Yerevan, Armenia
8-16 January

Andranik Margaryan Memorial. Tournament "A". 1st round


Unfinished masterpiece by Sergey Ivanov


Immediately after the end of the school holidays, the traditional 14th Andranik Margaryan Memorial started at the Armenian Chess Academy in Yerevan. The festival program includes three tournaments – two round-robin events with Grandmaster and International Master norms, as well as a mass Swiss tournament with over a hundred young chess players from Armenia and several other countries participating.

The main tournament features three Grandmasters, five International Masters, and two FIDE Masters. The norm for a Grandmaster point, considering the average rating of the tournament, is somewhere around "+4". Is it achievable?

The Elo favorite of the tournament is the "fresh" World and Asian U20 Champion, Russian Alexey Grebnev (2535), who competes as a title seeker. The Togliatti native recently earned the Grandmaster title along with the gold medal of the champion, and in case of success, he will be able to claim the highest title. The second highest rated player (2475) is Polina Shuvalova, the Vice-Champion of Russia and a member of the women's national team from Moscow. She is the only representative of the fairer sex, but playing against men is not new for her.

As "examiners," players from completely different eras are participating. For 62-year-old St. Petersburg player Sergey Ivanov, who shone in the late 1990s during his performances in Armenia, it's a rare opportunity to return to practical play after a long and successful coaching career. For 37-year-old Levon Babujian, it's a chance to recall the taste of live games, and for 17-year-old Emin Ohanyan, it's just a regular workout.

The first round of the round-robin tournaments turned out to be remarkably intense – all 10 games ended with results. Not a single draw was recorded.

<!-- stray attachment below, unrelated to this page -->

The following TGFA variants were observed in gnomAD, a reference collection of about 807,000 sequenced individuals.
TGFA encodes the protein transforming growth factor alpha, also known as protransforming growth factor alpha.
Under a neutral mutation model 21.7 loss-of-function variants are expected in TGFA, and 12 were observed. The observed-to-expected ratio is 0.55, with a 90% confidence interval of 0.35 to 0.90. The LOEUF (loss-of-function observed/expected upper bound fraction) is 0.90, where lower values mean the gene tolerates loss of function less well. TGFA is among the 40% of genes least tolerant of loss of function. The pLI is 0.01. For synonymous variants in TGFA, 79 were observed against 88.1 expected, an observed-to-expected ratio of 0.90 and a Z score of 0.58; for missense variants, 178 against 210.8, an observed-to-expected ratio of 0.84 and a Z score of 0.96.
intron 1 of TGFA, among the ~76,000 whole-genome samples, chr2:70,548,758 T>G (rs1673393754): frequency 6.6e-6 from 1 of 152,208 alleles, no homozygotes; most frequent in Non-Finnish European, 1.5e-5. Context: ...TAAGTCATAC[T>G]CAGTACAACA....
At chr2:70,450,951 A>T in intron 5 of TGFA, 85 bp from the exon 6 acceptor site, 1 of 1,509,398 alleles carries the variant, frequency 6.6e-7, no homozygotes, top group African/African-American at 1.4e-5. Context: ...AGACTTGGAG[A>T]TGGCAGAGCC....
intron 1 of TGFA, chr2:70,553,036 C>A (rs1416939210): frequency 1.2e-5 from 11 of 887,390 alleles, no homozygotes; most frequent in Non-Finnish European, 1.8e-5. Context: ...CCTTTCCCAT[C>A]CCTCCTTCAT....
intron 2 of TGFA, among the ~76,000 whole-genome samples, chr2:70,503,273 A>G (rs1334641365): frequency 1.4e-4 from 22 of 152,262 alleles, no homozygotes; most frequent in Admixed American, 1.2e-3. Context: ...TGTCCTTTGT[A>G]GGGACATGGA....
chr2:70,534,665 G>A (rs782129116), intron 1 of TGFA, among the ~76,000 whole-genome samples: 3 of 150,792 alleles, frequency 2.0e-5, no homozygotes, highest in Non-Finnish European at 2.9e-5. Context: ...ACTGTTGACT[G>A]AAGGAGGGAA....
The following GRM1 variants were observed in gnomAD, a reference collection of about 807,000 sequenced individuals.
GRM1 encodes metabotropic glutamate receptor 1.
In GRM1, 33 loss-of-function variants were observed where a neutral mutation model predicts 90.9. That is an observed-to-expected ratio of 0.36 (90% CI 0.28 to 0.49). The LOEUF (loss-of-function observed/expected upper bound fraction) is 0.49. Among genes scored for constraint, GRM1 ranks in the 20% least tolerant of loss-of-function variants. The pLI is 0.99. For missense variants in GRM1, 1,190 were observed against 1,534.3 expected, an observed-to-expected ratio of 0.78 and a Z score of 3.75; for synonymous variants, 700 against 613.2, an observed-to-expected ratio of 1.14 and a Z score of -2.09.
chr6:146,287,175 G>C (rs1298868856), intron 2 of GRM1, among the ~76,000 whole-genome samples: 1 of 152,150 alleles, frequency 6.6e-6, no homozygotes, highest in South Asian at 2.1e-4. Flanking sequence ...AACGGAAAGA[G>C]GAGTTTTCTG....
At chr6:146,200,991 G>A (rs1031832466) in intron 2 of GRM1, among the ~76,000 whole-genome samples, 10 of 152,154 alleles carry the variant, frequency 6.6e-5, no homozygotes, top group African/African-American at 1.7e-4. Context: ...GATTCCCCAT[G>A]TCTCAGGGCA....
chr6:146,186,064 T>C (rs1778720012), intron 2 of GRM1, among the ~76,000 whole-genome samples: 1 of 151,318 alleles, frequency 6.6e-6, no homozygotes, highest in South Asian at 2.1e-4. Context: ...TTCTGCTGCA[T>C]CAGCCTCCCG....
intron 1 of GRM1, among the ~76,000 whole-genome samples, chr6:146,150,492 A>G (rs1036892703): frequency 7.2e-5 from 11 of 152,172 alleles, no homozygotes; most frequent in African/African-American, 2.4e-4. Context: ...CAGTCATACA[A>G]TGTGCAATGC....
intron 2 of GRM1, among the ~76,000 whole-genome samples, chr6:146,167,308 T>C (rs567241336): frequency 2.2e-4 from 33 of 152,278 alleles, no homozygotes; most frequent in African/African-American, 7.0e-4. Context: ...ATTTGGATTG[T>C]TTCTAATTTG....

The quickest victory was achieved by Grebnev against Sorensen. His Swedish opponent showed no ambitions despite having the white pieces, relinquished the initiative and key points, and then independently opened up the position in the most fortified place – after which his position collapsed on its own. A clear win.

Iranian Movahed confidently and strongly played his game against Babujian. Black sacrificed a pawn in the opening but did not receive worthy compensation. The transition to the endgame was not the best move for Sina, but Levon made a serious mistake in the rook endgame, allowing white to create a passed pawn that decided the game, although it almost ended with a natural checkmate.

Two games were decided in a prolonged endgame, and in both cases, the victory for white was eventually brought by the passed "a" pawn. Arsen Davtyan mistakenly led his king away from the corner, and Benik Agasarov conducted a queen. And Shuvalova's knight couldn't cope with the play on both flanks against David Shahinyan, who celebrated success.

The most spectacular game of the round was Ohanyan – Ivanov. Emin played too aggressively in the opening, rushing into a flank attack, suffered a patented blow in the center, lost the light-squared bishop, and the white king found itself under a deadly X-ray from its counterpart on b7. Sergey sacrificed the bishop, and then spectacularly brought both rooks into play against pawns. The diagram came out simply breathtaking:

Alas, the Grandmaster could not bring this masterful game to victory. Lack of time and practice prevented him. According to his words, he miscalculated during the execution, then failed to make an obvious move and ended up losing three pawns, immediately losing all the advantage and eventually – drawing.


Memorial A. Margaryan. Standings after the 1st round: 1-5. Grebnev, Movahed, Agasarov, Shahinyan, and Ohanyan – 1; 6-10. Ivanov, Shuvalova, Davtyan, Babujian, and Sorensen – 0.

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